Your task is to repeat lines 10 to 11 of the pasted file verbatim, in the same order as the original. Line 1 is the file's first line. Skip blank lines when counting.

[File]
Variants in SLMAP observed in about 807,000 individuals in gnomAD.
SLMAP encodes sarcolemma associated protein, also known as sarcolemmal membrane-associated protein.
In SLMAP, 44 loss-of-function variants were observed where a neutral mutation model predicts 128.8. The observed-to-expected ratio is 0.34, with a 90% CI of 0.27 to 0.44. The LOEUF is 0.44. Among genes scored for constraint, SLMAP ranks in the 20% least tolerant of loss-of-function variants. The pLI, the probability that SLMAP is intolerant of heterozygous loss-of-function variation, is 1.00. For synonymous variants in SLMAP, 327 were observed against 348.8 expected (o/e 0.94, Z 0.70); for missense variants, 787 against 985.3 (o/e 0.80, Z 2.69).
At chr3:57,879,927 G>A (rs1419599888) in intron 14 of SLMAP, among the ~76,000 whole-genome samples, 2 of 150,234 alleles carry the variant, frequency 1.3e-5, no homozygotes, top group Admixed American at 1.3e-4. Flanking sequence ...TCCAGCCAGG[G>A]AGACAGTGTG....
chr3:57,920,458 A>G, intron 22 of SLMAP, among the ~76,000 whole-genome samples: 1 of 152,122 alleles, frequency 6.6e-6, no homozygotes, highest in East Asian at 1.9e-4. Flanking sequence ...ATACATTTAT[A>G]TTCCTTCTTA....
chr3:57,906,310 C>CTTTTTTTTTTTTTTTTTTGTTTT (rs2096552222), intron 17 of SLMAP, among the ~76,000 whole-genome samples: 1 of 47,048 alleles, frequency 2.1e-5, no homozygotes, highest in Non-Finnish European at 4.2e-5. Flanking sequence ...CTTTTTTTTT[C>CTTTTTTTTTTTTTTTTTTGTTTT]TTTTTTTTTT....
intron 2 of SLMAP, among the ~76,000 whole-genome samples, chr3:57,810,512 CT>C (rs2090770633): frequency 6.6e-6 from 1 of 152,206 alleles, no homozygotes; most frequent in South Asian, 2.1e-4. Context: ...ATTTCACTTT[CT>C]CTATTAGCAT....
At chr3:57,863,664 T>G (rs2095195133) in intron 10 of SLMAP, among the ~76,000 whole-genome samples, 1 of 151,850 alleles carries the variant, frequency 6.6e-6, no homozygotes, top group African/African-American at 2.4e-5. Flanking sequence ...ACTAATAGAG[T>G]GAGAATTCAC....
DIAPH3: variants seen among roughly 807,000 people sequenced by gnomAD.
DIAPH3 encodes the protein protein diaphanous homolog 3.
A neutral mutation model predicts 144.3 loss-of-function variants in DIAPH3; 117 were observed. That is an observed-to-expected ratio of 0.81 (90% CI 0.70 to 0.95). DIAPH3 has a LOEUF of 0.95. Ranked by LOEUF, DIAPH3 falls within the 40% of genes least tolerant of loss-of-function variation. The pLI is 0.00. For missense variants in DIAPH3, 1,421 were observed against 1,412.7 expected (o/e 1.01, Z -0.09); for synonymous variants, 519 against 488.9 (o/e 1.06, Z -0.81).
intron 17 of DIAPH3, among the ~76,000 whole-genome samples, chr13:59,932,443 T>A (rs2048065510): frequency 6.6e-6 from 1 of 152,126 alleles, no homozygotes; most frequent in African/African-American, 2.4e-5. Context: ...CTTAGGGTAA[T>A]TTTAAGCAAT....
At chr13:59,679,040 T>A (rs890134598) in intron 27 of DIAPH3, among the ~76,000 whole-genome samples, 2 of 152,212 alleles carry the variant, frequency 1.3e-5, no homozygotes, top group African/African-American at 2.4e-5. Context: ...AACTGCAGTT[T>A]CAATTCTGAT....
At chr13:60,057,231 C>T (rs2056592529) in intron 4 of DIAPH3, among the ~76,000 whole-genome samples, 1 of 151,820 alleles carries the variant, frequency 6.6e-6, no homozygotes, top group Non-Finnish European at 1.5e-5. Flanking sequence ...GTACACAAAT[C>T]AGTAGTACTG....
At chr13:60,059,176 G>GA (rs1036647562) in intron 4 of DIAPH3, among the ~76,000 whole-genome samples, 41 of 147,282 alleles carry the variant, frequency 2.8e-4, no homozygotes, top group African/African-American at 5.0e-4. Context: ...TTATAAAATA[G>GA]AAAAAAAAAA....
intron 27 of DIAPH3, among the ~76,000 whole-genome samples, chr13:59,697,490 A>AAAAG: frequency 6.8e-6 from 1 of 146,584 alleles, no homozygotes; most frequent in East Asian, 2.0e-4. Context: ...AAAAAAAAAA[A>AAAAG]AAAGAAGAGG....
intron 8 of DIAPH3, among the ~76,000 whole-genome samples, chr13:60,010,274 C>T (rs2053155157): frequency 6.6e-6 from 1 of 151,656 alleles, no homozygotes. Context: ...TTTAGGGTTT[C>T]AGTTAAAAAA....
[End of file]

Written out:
DIAPH3 encodes the protein protein diaphanous homolog 3.
A neutral mutation model predicts 144.3 loss-of-function variants in DIAPH3; 117 were observed. That is an observed-to-expected ratio of 0.81 (90% CI 0.70 to 0.95). DIAPH3 has a LOEUF of 0.95. Ranked by LOEUF, DIAPH3 falls within the 40% of genes least tolerant of loss-of-function variation. The pLI is 0.00. For missense variants in DIAPH3, 1,421 were observed against 1,412.7 expected (o/e 1.01, Z -0.09); for synonymous variants, 519 against 488.9 (o/e 1.06, Z -0.81).